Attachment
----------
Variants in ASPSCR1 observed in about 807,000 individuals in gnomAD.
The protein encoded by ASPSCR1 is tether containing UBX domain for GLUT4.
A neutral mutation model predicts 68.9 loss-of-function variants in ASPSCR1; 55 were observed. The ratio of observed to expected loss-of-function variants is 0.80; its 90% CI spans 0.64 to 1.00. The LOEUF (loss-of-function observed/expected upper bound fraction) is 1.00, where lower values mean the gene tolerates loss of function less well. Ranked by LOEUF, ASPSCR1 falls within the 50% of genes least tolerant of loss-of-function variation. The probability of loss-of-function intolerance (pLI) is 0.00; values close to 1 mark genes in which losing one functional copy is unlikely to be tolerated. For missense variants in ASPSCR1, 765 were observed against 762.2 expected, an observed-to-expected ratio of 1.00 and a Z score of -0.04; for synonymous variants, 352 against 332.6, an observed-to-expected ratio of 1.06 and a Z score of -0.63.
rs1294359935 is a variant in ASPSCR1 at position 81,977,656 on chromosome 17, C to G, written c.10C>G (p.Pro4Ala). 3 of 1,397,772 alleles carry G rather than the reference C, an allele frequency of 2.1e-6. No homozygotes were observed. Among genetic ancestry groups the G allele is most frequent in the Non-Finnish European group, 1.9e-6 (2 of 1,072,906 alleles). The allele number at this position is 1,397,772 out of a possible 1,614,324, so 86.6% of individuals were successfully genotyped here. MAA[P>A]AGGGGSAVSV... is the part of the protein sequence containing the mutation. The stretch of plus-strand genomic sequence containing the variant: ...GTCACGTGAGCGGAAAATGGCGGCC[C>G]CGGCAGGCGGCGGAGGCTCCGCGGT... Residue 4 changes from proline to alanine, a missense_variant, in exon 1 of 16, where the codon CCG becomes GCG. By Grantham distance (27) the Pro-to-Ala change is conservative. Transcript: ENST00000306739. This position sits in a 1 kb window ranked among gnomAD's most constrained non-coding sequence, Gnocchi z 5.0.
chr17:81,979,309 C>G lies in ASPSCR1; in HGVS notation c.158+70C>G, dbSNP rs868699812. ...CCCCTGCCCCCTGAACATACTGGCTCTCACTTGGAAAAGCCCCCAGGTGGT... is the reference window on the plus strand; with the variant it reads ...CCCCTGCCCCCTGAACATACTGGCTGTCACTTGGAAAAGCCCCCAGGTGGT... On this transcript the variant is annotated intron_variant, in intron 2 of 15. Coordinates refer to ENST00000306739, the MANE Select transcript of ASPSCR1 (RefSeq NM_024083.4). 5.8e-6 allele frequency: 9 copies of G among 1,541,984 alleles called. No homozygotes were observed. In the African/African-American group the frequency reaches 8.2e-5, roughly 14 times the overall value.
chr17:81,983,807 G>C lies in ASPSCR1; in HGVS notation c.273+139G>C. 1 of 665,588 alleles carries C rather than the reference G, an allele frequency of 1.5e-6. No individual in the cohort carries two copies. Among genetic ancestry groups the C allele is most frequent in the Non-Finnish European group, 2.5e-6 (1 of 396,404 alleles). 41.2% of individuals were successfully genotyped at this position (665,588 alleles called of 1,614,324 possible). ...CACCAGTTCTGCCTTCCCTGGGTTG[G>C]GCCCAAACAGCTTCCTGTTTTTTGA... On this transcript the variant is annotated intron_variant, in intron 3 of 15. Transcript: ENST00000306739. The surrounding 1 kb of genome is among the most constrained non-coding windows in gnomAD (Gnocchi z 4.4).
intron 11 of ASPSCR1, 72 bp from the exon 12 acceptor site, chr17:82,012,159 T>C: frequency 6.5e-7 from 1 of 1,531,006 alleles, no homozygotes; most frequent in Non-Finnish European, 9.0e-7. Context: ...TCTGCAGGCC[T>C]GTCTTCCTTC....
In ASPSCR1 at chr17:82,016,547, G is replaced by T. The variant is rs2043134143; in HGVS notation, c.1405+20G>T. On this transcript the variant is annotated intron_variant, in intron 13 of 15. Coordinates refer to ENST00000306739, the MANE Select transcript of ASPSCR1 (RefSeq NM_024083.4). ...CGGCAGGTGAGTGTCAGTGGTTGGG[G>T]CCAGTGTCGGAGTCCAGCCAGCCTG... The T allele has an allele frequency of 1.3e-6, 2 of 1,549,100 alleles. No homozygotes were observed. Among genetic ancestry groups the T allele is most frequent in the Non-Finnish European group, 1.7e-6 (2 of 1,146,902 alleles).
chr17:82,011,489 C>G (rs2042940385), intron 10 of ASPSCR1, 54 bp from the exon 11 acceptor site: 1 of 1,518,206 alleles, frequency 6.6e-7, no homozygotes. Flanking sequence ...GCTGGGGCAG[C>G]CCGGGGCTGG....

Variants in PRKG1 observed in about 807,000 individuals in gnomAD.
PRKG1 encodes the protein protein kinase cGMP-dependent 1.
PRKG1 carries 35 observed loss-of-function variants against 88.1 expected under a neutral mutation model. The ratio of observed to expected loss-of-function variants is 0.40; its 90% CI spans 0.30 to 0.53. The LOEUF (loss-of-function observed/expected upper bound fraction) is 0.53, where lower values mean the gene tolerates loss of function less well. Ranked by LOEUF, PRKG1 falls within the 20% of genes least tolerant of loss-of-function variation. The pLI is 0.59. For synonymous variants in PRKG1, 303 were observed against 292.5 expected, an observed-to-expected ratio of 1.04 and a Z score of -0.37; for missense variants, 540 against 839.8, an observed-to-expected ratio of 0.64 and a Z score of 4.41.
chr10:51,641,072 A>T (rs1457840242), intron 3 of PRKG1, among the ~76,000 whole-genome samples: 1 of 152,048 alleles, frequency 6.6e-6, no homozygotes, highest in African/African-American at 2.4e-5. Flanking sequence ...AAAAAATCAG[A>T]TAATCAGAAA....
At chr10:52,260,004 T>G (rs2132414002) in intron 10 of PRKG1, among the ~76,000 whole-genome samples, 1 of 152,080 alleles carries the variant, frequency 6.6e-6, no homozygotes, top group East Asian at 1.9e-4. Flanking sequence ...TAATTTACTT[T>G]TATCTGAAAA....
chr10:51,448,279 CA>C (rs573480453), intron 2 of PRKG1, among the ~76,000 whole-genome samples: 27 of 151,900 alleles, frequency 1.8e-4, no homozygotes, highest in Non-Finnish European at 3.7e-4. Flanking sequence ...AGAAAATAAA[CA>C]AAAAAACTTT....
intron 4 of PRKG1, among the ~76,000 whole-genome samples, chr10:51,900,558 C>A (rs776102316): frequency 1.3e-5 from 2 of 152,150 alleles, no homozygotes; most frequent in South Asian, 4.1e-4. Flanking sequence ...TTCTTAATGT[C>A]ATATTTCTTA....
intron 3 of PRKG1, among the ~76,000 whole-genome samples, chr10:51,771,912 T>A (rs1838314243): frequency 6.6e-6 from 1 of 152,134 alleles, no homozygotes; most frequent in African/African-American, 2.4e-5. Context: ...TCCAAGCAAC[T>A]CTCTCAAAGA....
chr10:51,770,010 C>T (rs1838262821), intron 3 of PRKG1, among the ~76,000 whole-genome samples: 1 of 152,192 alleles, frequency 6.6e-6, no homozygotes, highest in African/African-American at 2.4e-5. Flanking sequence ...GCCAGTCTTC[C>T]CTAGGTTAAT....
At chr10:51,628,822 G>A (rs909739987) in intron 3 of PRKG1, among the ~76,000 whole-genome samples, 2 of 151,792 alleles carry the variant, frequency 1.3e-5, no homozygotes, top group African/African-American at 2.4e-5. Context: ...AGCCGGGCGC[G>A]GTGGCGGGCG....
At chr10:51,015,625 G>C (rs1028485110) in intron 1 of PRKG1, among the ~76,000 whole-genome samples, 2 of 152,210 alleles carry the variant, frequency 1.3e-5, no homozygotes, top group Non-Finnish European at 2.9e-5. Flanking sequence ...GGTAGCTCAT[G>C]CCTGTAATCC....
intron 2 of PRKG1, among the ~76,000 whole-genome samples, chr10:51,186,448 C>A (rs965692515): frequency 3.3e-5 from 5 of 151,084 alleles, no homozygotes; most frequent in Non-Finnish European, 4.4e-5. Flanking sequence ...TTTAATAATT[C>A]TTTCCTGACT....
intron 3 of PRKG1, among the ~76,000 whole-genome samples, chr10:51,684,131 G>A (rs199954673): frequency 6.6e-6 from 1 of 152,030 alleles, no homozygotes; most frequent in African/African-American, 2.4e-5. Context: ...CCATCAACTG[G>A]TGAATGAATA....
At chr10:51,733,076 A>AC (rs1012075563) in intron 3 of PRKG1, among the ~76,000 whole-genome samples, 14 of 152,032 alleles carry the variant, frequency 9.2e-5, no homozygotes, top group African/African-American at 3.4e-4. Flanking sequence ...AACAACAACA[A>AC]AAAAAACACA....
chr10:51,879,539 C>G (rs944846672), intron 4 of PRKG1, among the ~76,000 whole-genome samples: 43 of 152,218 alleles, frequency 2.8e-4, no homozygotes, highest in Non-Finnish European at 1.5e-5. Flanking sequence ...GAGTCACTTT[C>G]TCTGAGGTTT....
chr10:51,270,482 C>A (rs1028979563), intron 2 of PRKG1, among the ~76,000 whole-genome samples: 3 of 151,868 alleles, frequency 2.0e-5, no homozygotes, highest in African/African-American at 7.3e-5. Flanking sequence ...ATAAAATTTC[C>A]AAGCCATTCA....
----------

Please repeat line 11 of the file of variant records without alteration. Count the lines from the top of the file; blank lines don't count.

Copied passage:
PRKG1 encodes the protein protein kinase cGMP-dependent 1.